After learning HTML and CSS, I recommend learning JavaScript next, then it's your choice of what interests you (e.g. React, Sass, Ruby, Vue, UX design, etc.). Take your pick! The main thing is to take one framework or language and focus on learning it.

Orca whale icon

I personally like working with the front-end since it appeals to my creative side and allows me to put my ideas in a digital format (as you can see I'm a crazy fan of emoji's (artwork), and I probably use them way too often ?).

For me, learning visual design is just as important, because not only do I want websites to function properly, I want every pixel to be visually appealing…(as I'm typing this, I laugh as I realize this particular (WordPress) site is not yet an example of that). It's all subjective and this website is a never-ending experiment.

What is JavaScript?

JavaScript is a more complicated language than HTML or CSS, and it wasn't released in beta form until 1995. Today, JavaScript is supported by all modern web browsers and is used on almost every site on the web for more powerful and complex functionality.

What is it used for? JavaScript is a logic-based programming language that can be used to modify website content and make it behave in different ways in response to a user's actions. Common uses for JavaScript include confirmation boxes, calls-to-action, and adding new identities to existing information. It basically makes your webpage interactive.

JavaScript logo

In short, JavaScript is a programming language that lets web developers design these interactive sites. Most of the dynamic behavior you'll see on a web page can be attributed to JavaScript, since it augments a browser's default controls and behaviors.

One example of JavaScript in action are boxes that "pop up" on your screen. Think about the last time you entered information into an online form and a confirmation box popped up, asking you to press "OK" or "Cancel" to proceed? This is an example made possible through JavaScript — in the code, you would find an "if-else" statement that tells the computer to do one thing if the user clicks "OK," and a different thing if the user clicks "Cancel." Incidentally, this is a JavaScript course I highly recommend by Wes Bos.

So, fast forward to early 2018. I finally decided to get out of my comfort zone and go for it.

I immersed myself in code (full-time) and made the decision to complete The University of Texas at Austin Full-Stack Web Development Program (a.k.a. "UT Coding Boot Camp").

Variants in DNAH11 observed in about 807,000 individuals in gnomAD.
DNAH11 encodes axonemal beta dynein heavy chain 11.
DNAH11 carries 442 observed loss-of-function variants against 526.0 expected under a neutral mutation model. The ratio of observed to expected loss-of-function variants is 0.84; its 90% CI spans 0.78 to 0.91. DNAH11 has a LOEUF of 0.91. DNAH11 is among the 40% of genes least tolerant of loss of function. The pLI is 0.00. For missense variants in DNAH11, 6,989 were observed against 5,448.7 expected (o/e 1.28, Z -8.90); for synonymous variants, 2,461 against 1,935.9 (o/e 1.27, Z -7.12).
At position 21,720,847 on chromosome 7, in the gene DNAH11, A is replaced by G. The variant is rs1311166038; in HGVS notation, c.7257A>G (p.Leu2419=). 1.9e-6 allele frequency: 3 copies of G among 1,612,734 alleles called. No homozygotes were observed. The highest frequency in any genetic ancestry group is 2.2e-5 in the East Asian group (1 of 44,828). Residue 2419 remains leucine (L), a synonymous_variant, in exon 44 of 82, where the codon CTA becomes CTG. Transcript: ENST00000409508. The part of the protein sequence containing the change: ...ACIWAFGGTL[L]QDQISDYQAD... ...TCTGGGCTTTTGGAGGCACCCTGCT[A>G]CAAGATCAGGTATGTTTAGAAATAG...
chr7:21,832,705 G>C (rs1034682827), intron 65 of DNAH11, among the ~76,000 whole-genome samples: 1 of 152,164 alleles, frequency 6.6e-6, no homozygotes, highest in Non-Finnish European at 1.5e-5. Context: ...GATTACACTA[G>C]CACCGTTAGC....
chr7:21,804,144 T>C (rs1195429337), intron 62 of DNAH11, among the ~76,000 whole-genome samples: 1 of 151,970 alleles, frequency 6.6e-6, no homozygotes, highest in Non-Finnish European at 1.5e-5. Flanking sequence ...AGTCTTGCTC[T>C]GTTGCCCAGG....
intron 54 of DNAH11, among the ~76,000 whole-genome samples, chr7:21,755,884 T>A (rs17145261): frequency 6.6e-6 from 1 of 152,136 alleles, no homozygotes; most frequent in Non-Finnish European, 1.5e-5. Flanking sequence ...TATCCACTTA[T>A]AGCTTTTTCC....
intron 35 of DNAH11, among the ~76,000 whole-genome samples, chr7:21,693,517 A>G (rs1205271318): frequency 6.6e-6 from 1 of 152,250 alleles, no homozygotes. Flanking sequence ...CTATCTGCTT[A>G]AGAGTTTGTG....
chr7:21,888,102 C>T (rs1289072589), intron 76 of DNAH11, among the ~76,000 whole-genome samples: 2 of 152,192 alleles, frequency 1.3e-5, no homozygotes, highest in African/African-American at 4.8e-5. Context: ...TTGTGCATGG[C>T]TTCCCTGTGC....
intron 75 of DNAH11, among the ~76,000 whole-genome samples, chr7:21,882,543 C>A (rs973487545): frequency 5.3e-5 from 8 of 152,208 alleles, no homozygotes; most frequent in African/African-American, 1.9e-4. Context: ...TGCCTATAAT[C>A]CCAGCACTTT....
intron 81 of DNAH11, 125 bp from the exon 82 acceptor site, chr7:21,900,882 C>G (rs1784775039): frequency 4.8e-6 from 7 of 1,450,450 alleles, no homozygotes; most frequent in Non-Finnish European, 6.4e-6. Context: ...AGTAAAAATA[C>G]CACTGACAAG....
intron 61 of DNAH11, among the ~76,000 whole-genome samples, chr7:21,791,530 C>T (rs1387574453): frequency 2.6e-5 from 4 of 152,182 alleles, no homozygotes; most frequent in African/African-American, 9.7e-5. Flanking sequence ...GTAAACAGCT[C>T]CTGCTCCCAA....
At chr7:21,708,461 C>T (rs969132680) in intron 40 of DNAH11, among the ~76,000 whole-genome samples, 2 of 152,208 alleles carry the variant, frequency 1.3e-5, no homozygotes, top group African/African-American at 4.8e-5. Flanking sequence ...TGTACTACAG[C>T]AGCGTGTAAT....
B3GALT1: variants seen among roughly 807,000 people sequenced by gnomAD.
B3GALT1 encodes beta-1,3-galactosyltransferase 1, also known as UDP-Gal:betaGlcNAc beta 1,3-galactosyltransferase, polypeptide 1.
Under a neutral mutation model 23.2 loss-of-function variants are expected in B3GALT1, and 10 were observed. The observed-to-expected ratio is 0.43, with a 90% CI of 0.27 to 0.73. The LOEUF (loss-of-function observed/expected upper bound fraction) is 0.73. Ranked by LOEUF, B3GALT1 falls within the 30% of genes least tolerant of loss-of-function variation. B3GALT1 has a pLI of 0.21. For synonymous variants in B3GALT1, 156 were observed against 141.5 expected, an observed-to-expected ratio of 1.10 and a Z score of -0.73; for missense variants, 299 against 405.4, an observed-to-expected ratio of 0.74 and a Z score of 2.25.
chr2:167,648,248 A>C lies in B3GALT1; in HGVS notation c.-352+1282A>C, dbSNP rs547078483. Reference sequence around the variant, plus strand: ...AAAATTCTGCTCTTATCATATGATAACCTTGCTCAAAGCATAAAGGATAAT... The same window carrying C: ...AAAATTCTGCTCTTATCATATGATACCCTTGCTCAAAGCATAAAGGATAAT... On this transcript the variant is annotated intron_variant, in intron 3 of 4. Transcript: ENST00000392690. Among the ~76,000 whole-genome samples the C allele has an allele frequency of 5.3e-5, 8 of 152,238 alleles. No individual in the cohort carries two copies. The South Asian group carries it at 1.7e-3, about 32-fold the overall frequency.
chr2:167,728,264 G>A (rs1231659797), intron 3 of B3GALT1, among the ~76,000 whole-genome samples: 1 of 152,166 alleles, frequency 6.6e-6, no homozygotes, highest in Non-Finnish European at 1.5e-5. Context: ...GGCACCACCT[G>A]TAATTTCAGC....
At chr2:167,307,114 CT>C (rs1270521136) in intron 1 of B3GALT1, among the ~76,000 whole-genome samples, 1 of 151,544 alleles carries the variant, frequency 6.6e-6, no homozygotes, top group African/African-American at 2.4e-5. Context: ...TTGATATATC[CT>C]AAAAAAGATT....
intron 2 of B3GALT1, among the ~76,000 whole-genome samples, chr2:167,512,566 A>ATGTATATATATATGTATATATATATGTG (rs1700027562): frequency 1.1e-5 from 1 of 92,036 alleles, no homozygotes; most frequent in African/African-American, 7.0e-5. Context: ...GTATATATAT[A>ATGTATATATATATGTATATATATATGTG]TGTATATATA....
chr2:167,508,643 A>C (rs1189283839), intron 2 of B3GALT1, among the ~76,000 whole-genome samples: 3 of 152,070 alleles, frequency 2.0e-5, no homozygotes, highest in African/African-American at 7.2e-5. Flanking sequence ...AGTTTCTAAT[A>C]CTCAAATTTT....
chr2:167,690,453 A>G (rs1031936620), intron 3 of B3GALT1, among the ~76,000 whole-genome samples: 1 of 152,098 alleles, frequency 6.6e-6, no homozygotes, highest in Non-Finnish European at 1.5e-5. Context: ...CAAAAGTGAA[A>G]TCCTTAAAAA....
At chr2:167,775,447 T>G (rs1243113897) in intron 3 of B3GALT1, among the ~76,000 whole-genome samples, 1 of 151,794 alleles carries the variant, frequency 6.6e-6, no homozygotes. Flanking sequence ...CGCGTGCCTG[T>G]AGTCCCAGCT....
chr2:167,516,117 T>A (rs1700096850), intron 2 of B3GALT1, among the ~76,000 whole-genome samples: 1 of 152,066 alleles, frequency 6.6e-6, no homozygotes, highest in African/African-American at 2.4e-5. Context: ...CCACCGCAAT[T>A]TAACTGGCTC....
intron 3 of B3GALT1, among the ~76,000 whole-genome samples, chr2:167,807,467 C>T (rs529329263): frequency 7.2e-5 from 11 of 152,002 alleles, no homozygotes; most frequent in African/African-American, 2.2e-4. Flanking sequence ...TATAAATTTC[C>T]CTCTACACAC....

I gained familiarity and experience working with HTML, CSS, JavaScript, and MERN-stack (MongoDB, Express, React and Node) technologies.

Learning to code can be really hard. At times you feel like you're on a roller coaster. I know, because I've been "on and off" several times (and still am!).

Some days it's like you're drinking from a firehose, so try to stay focused and positive. Choose to continue learning (with or without "imposter syndrome").



What I like about this entire process is that it motivates you to constantly keep learning something unfamiliar. The learning process is research-intensive. This is a good thing. Stick with it, since it will pay off in the long run. It will eventually click.

Although it's not a "popular" language, I started learning about PHP, so I could better understand how it interacts with WordPress. I think it's pretty amazing and rewarding to see how the code you write "becomes alive" on your page and how the user experience can constantly be improved.

This ordinary WordPress site (and older theme I am still purposefully using here), did not look like this four years ago. So far (as of mid-2019), I've made over 1,500 revisions to this page.

Image of revisions in WordPressI initially chose this theme many years ago, before "Dark mode" was a common term. It's still fun to learn how to change the overall look of the site and make improvements to it over time.

You can also use PHP to edit the theme's code and (for example) modify some items in the footer (the very bottom of the page) to display your name instead of the generic "Powered by WordPress." What can I say, I'm old school.  I just like to figure out how things work (even if it's an older language like PHP). It's still just as fun to make it work.

Attend a Conference – Invest in yourself!

I took a friend's advice and recently attended a developers/designers conference in Seattle (in March 2019). It came highly recommended, and it's called An Event Apart (it was awesome!). I was surrounded by subject matter experts on web design and development, met some great people, and learned a lot.

Below are a few resources that I've found very helpful and I hope they help you.

A Great Place to Start Coding:

FreeCodeCamp icon

FreeCodeCamp – Totally free online courses!

This is a great way to get started, especially if you want to access free courses. The podcast is very informative and fun to listen to. Oh, and did I mention it's completely free?

The value here is not that its free…there is a real, vibrant community, and the site is now even more "accessible" (built with text editors for accessibility requirements). Pretty cool!

I've researched a ton of online resources and one of my favorites (IMHO) is treehouse for learning HTML, CSS, and JavaScript.

They have a variety of different "Tracks" to choose from, and for me, the format is really clear and easy to understand.

Their slack channel is a great way to connect with other coding students and instructors, and also get questions answered immediately.

You are encouraged to review other people's project submissions, which helps to reinforce your own learning.

I highly recommend treehouse. You should definitely check them out. I think they do a great job. ?